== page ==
Human Rights Guidelines for Organisations

Why are these guidelines important?

Non-binding guidelines seek to promote and support compliance with human rights law. They are increasingly used to facilitate consensus among stakeholders on highly sensitive topics, such as the creation of legal personality for non-state organisations at the international level. These guidelines are a framework that complements human rights law, facilitates compliance and enforcement, and increases awareness about its relevance.

Non-binding guidelines are also important because they have guided state regulation of organisations’ activities. Two conceptual frameworks explain these regulatory mechanisms. Firstly, “responsive regulation” is a regulatory approach that encourages businesses (and other organisations) adapt their processes and activities to comply with human rights or environmental law (amongst others), without being obliged to do so by mandatory regulations.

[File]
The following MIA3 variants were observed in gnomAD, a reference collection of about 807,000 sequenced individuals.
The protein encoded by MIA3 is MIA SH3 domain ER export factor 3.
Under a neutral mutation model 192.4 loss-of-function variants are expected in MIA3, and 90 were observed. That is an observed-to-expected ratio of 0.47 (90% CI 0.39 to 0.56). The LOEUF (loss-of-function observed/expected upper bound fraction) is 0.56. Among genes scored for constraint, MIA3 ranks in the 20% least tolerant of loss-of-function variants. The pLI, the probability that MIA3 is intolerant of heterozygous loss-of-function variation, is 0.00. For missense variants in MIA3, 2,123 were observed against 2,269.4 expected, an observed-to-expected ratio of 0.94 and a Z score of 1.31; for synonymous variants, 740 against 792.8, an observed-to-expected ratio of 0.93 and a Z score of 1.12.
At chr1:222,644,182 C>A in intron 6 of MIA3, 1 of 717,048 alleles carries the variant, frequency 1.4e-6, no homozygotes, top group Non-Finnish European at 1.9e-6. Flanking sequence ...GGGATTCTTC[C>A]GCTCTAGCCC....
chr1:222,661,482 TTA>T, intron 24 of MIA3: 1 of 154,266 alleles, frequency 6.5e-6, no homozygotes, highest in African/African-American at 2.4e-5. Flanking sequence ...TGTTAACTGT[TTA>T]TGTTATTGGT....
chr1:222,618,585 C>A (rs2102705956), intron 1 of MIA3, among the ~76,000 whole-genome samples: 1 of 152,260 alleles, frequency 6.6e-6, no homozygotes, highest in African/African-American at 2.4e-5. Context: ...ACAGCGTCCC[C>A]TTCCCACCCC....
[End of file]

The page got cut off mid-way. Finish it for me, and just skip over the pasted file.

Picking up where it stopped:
Secondly, “networked governance” aims to clarify the range of hard and soft law to solve complex problems, such as the interaction between diverse actors and their activities and respect for human rights. Governance does not involve only binding law made by the state, because the issues at stake are not purely legal and involve the action of several actors and frameworks.

Tool 2 presents diverse initiatives that aim to fill the gap generated left by the lack of accountability at the international level for organisations’ adverse human rights impacts, as well as the difficulty of using transnational mechanisms at the national level to hold organisations accountable for such impacts.